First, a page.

DP&L to retire 3,000 MW of coal generation in Ohio
Reuters has the details on DP&L’s plant closures, and the central debate: whether to upgrade the older facilities, or shut them down and look to create clean energy jobs in their place.
The president of First State Bank in Winchester, Michael Pell, told Reuters the plants are the largest local employers and their closures “will absolutely be devastating to our community.” On the flip side, the Sierra Club argued the upgrades would be a bad investment, telling Reuters about 250 plants are now slated for closure.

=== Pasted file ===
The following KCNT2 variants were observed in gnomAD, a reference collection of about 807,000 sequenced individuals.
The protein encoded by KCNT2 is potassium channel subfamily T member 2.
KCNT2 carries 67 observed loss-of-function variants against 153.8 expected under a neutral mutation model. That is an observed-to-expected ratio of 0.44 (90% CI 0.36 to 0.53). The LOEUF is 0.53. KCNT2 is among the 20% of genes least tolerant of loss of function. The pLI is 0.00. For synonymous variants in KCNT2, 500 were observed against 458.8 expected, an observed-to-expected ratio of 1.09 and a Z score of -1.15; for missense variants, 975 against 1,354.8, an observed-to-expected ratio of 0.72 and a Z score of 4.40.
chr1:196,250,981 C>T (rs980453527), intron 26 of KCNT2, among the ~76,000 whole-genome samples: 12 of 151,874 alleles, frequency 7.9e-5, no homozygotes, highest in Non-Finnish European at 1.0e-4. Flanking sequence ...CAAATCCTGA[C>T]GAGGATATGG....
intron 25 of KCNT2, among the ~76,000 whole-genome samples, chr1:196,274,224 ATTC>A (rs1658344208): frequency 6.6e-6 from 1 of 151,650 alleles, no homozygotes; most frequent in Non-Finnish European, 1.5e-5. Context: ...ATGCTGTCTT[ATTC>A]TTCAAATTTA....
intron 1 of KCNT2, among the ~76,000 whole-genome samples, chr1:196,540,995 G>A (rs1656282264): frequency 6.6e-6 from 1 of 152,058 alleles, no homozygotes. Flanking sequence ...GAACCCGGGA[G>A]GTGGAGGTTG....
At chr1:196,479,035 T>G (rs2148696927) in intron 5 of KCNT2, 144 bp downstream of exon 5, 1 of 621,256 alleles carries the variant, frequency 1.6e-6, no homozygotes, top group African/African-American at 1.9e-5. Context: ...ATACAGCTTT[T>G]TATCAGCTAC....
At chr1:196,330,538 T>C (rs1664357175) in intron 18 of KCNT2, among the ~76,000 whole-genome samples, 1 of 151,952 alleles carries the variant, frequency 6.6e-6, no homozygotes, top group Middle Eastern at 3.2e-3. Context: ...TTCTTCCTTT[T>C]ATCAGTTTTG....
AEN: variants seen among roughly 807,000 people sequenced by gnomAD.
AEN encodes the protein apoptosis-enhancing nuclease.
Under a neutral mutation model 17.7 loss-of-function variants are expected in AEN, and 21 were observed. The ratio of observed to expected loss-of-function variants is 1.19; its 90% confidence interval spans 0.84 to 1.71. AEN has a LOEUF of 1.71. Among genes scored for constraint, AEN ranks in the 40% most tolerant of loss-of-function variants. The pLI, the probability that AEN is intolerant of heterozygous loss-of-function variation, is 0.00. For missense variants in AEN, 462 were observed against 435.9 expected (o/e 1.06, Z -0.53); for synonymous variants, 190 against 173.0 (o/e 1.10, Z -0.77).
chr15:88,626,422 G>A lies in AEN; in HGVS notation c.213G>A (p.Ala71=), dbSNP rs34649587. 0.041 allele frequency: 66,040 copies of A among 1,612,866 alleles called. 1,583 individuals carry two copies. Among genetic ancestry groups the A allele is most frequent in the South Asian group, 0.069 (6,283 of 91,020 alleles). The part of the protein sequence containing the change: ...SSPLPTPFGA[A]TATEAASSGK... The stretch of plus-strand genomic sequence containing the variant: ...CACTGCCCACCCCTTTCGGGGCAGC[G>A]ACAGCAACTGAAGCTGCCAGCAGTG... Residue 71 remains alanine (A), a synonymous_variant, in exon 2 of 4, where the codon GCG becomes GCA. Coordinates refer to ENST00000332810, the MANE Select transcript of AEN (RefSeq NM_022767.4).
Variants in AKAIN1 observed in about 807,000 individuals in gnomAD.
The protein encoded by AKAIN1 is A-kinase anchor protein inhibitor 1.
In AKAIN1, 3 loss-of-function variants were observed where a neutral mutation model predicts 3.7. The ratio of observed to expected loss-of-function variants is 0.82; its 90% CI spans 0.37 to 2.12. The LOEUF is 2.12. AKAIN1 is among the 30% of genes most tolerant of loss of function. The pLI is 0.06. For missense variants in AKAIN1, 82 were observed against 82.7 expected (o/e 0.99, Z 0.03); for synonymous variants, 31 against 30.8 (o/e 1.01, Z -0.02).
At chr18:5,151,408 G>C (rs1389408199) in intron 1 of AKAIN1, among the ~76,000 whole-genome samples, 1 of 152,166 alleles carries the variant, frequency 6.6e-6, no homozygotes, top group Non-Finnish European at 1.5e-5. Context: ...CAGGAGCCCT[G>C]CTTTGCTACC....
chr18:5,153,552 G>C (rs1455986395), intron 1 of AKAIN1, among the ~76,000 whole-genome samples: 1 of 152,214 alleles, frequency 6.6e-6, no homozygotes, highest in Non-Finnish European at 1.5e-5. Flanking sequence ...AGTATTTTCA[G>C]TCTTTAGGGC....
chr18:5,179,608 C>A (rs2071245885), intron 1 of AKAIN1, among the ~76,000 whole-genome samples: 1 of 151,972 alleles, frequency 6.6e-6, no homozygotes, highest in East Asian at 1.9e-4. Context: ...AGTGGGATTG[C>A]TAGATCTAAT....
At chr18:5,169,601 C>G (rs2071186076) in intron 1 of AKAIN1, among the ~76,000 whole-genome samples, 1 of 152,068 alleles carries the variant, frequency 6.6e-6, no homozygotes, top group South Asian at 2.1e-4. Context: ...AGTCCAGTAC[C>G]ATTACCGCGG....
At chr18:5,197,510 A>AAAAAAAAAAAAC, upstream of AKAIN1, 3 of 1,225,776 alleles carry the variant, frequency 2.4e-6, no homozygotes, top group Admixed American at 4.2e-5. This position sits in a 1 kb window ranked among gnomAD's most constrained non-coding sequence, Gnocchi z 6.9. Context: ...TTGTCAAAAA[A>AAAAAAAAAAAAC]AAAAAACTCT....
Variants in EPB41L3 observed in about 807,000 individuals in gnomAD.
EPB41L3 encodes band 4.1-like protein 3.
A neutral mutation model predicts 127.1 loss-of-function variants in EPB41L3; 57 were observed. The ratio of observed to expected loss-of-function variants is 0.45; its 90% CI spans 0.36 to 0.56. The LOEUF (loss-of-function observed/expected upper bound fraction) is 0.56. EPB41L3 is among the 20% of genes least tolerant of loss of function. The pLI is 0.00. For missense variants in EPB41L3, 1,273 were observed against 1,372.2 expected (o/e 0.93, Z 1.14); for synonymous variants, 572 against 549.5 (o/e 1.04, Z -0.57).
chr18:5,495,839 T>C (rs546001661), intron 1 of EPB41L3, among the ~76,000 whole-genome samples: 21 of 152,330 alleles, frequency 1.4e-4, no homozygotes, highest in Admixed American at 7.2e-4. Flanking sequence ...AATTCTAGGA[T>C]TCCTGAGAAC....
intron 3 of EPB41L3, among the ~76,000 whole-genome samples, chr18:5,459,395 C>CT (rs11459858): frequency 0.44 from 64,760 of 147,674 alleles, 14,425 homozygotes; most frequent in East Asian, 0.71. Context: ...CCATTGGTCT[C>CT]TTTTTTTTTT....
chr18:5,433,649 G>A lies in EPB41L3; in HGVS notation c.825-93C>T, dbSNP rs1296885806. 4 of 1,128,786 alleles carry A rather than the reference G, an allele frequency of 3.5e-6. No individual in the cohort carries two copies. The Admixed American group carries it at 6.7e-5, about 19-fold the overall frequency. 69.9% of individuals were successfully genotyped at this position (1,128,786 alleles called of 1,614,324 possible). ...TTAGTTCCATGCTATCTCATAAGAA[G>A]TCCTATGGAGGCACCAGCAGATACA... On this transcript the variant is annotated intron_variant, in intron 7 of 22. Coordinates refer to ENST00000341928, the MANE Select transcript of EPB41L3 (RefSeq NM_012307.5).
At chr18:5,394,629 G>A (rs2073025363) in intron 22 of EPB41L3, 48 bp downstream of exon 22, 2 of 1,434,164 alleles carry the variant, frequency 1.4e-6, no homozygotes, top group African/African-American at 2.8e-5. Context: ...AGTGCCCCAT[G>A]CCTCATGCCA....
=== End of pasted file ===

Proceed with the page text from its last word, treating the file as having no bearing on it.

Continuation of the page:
In its statement, DP&L said that along with plant co-owners, the utility “completed a thorough review of our options and it has become clear that, without significant changes in market conditions, the plants will not be economically viable beyond mid-2018.”
Coal woes in Ohio are not new: Last year, the Federal Energy Regulatory Commission blocked power purchase agreements approved by state regulators that aimed to support aging coal and nuclear plants owned by FirstEnergy and AEP Ohio. A settlement was reached last year on plant retirements for American Electric Power that included job revitalization efforts.